A Chancery Court decision offers a glimpse into long-running family squabbles and financial struggles at a leading beer distributorship in Delaware.
“Few activities imperil familial harmony more than the transfer of generational wealth, as this intra-family dispute over trust instruments illustrates,” Vice-Chancellor Kathaleen McCormick wrote in a 62-page decision.
Defendant Robert F. (Bob) Tigani, Sr. was accused by the plaintiff’s (sons Robert, Jr., Christopher, and grandchildren) of breaching his fiduciary obligations as trustee of the “1986 Trust.”
The 1986 Trust holds stock in N.K.S. Distributors, a Delaware wholesaler of Anheuser-Busch InBev, Corona and other brands.
McCormick ruled that defendant Robert Tigani Sr. did not violate his fiduciary duties but did agree that money from the trust used to purchase an airplane and a Florida condominium should be returned.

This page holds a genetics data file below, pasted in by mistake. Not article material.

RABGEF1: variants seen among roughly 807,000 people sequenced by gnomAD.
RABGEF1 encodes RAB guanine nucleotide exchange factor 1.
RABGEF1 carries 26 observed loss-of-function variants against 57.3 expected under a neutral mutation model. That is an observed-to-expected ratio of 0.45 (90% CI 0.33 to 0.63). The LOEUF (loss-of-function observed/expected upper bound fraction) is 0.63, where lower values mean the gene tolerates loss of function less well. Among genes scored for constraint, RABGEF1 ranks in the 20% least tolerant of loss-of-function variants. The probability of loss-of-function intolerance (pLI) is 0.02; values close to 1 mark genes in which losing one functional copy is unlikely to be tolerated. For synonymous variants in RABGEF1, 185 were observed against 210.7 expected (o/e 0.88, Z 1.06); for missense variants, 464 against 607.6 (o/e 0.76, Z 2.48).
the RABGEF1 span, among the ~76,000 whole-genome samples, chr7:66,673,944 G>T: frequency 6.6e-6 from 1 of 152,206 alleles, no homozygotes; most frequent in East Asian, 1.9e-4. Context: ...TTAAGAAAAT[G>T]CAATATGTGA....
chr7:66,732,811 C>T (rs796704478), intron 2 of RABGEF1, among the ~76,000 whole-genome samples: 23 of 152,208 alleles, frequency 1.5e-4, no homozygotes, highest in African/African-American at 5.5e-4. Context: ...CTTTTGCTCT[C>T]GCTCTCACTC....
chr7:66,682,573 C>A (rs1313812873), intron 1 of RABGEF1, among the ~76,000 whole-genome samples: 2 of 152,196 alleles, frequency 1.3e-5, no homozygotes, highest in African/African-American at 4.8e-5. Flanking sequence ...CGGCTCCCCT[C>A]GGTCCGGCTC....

A major issue was a 2012 transaction, with N.K.S. issuing stock in return for getting $2.5 million. McCormick rejected the argument that the transaction was “self-dealing,” adding that it was necessary because the “company was in dire straits” and needed the infusion as part of a refinancing.
The decision mentioned the struggles of the company under one of the plaintiffs, Christopher Tigani. Chris Tigani served as president of N.K.S. but was later removed from the post.
Robert Tigani, according to the ruling, used his personal resources in efforts to keep the distributorship afloat and retain the lucrative Anheuser-Busch franchise.
Chris Tigani was later sentenced to serve two years in federal prison for campaign finance violations. Last summer, he was the subject of a story on the Politico website on the FBI placing a “wire” on Tigani in investigating practices of an earlier campaign of now-President Joe Biden.
N.K.S. has been operated and majority-owned by the Tigani family since the early ’50s.
The company was later split in two, with the wine and spirits side becoming a separate entity under another family member.
(See ruling below)